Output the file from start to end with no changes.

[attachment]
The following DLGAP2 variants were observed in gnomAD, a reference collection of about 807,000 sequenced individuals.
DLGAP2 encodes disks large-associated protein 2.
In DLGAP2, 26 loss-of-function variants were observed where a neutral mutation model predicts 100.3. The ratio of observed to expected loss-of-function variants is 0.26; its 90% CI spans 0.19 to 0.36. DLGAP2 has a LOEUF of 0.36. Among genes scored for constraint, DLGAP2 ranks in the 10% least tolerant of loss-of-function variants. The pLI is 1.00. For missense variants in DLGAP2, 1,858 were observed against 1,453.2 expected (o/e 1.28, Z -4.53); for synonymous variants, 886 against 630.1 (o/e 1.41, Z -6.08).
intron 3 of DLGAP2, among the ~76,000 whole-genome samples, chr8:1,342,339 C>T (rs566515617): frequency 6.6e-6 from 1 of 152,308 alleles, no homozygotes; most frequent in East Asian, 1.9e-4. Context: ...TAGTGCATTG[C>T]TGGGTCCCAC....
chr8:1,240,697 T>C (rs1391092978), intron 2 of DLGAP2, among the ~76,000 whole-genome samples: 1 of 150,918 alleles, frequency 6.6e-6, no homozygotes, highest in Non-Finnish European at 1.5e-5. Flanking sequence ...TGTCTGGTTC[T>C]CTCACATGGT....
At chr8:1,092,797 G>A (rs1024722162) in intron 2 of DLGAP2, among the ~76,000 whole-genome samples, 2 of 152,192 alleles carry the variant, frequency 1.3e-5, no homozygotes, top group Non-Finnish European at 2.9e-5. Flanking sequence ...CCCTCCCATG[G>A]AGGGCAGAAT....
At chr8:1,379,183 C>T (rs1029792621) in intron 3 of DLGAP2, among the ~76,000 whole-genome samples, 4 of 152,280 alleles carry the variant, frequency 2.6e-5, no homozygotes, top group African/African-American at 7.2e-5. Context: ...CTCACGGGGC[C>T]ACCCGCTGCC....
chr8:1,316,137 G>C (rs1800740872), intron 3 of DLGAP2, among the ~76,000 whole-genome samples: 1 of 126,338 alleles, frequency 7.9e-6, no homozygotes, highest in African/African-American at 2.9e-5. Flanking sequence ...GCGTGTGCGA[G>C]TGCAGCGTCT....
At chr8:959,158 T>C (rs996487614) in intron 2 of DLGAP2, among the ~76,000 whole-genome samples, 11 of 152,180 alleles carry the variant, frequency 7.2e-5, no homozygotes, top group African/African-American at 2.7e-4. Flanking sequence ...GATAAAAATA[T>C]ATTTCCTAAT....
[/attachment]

The following DLGAP2 variants were observed in gnomAD, a reference collection of about 807,000 sequenced individuals.
DLGAP2 encodes disks large-associated protein 2.
In DLGAP2, 26 loss-of-function variants were observed where a neutral mutation model predicts 100.3. The ratio of observed to expected loss-of-function variants is 0.26; its 90% CI spans 0.19 to 0.36. DLGAP2 has a LOEUF of 0.36. Among genes scored for constraint, DLGAP2 ranks in the 10% least tolerant of loss-of-function variants. The pLI is 1.00. For missense variants in DLGAP2, 1,858 were observed against 1,453.2 expected (o/e 1.28, Z -4.53); for synonymous variants, 886 against 630.1 (o/e 1.41, Z -6.08).
intron 3 of DLGAP2, among the ~76,000 whole-genome samples, chr8:1,342,339 C>T (rs566515617): frequency 6.6e-6 from 1 of 152,308 alleles, no homozygotes; most frequent in East Asian, 1.9e-4. Context: ...TAGTGCATTG[C>T]TGGGTCCCAC....
chr8:1,240,697 T>C (rs1391092978), intron 2 of DLGAP2, among the ~76,000 whole-genome samples: 1 of 150,918 alleles, frequency 6.6e-6, no homozygotes, highest in Non-Finnish European at 1.5e-5. Flanking sequence ...TGTCTGGTTC[T>C]CTCACATGGT....
At chr8:1,092,797 G>A (rs1024722162) in intron 2 of DLGAP2, among the ~76,000 whole-genome samples, 2 of 152,192 alleles carry the variant, frequency 1.3e-5, no homozygotes, top group Non-Finnish European at 2.9e-5. Flanking sequence ...CCCTCCCATG[G>A]AGGGCAGAAT....
At chr8:1,379,183 C>T (rs1029792621) in intron 3 of DLGAP2, among the ~76,000 whole-genome samples, 4 of 152,280 alleles carry the variant, frequency 2.6e-5, no homozygotes, top group African/African-American at 7.2e-5. Context: ...CTCACGGGGC[C>T]ACCCGCTGCC....
chr8:1,316,137 G>C (rs1800740872), intron 3 of DLGAP2, among the ~76,000 whole-genome samples: 1 of 126,338 alleles, frequency 7.9e-6, no homozygotes, highest in African/African-American at 2.9e-5. Flanking sequence ...GCGTGTGCGA[G>C]TGCAGCGTCT....
At chr8:959,158 T>C (rs996487614) in intron 2 of DLGAP2, among the ~76,000 whole-genome samples, 11 of 152,180 alleles carry the variant, frequency 7.2e-5, no homozygotes, top group African/African-American at 2.7e-4. Flanking sequence ...GATAAAAATA[T>C]ATTTCCTAAT....